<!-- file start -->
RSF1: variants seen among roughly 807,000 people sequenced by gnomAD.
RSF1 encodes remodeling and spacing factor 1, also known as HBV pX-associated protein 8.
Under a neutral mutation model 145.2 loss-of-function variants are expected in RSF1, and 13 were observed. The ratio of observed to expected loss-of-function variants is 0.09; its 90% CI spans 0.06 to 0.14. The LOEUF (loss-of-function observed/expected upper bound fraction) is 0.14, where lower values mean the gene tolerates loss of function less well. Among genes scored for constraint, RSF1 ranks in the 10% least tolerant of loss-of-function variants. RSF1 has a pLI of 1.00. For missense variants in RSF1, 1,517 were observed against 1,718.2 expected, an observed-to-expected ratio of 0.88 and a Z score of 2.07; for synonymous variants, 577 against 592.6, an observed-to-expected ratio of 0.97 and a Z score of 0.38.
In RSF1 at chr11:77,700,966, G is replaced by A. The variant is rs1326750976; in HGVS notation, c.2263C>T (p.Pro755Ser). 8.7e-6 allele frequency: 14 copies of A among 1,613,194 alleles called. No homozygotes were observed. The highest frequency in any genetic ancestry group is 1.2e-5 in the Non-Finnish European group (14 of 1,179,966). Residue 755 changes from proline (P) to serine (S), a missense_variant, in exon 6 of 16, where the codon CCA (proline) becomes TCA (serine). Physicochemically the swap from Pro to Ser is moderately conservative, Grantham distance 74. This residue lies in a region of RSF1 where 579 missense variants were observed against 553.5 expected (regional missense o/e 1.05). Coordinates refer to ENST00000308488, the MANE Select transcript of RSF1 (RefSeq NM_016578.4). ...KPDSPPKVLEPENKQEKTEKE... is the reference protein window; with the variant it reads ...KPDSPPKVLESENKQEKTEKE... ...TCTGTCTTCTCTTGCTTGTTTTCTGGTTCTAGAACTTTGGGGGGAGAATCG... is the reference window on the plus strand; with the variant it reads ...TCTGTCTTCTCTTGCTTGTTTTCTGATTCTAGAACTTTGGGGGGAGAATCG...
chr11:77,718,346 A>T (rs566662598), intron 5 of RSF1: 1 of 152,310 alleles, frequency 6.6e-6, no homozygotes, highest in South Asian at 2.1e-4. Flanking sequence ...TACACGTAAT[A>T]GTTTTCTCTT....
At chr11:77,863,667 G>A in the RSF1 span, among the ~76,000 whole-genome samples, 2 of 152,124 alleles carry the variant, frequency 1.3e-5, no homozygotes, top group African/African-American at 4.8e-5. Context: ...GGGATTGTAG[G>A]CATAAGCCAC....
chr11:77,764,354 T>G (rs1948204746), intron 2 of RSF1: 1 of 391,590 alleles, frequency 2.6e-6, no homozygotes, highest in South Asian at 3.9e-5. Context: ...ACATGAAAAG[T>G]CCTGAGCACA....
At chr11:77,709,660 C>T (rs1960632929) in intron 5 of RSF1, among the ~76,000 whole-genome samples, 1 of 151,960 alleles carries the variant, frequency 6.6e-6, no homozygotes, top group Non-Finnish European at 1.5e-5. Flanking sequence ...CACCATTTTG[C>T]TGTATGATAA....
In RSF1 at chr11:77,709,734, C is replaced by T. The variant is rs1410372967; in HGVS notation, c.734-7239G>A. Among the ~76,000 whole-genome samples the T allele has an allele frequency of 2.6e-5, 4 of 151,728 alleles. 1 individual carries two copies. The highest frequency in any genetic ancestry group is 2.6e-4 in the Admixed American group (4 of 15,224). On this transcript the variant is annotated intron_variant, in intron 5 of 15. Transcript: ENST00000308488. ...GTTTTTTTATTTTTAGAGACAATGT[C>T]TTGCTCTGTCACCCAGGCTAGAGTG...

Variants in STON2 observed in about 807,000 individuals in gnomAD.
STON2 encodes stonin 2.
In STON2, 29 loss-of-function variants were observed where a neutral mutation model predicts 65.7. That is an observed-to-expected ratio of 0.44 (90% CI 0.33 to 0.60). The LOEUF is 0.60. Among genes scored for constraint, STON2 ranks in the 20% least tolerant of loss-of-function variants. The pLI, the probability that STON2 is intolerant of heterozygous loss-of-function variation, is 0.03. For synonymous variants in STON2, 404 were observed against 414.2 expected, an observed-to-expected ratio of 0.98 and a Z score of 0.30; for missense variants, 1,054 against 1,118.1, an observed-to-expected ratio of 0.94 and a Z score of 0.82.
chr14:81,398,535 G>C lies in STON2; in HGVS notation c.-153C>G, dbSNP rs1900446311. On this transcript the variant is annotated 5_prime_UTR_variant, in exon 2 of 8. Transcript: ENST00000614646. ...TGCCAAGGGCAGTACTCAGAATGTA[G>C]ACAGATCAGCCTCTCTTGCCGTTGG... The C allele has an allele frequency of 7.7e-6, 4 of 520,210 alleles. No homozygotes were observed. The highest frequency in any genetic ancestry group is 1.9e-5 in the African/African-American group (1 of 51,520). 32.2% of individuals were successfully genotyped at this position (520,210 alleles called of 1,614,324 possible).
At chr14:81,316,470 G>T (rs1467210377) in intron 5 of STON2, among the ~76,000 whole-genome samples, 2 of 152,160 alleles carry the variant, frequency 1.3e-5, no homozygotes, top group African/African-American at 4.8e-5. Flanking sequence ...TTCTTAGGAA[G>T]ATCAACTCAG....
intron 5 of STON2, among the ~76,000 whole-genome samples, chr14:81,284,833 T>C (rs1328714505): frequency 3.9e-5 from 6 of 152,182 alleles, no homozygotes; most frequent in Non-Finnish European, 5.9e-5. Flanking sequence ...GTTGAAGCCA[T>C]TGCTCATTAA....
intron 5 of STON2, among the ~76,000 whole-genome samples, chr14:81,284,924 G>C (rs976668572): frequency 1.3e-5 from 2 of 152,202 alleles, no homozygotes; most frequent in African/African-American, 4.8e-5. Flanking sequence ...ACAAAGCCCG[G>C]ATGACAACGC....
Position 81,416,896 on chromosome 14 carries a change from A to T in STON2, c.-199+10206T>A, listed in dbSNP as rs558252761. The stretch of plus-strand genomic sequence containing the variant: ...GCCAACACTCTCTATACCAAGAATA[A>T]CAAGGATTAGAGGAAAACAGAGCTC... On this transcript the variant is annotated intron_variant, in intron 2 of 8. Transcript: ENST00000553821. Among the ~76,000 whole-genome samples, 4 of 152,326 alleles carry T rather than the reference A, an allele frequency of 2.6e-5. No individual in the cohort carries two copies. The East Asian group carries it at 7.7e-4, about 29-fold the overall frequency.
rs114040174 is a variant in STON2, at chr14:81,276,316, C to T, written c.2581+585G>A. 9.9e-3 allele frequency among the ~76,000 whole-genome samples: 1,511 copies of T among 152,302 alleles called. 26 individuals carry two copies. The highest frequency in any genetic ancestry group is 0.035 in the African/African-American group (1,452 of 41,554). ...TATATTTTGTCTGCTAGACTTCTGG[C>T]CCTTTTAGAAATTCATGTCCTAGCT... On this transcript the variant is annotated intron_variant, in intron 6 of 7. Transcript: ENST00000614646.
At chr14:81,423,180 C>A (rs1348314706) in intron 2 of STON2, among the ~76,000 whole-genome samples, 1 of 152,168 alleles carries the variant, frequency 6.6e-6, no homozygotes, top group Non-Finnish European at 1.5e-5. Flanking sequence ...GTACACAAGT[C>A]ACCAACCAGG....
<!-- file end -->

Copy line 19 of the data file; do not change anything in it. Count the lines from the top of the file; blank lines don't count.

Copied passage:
At chr14:81,423,180 C>A (rs1348314706) in intron 2 of STON2, among the ~76,000 whole-genome samples, 1 of 152,168 alleles carries the variant, frequency 6.6e-6, no homozygotes, top group Non-Finnish European at 1.5e-5. Flanking sequence ...GTACACAAGT[C>A]ACCAACCAGG....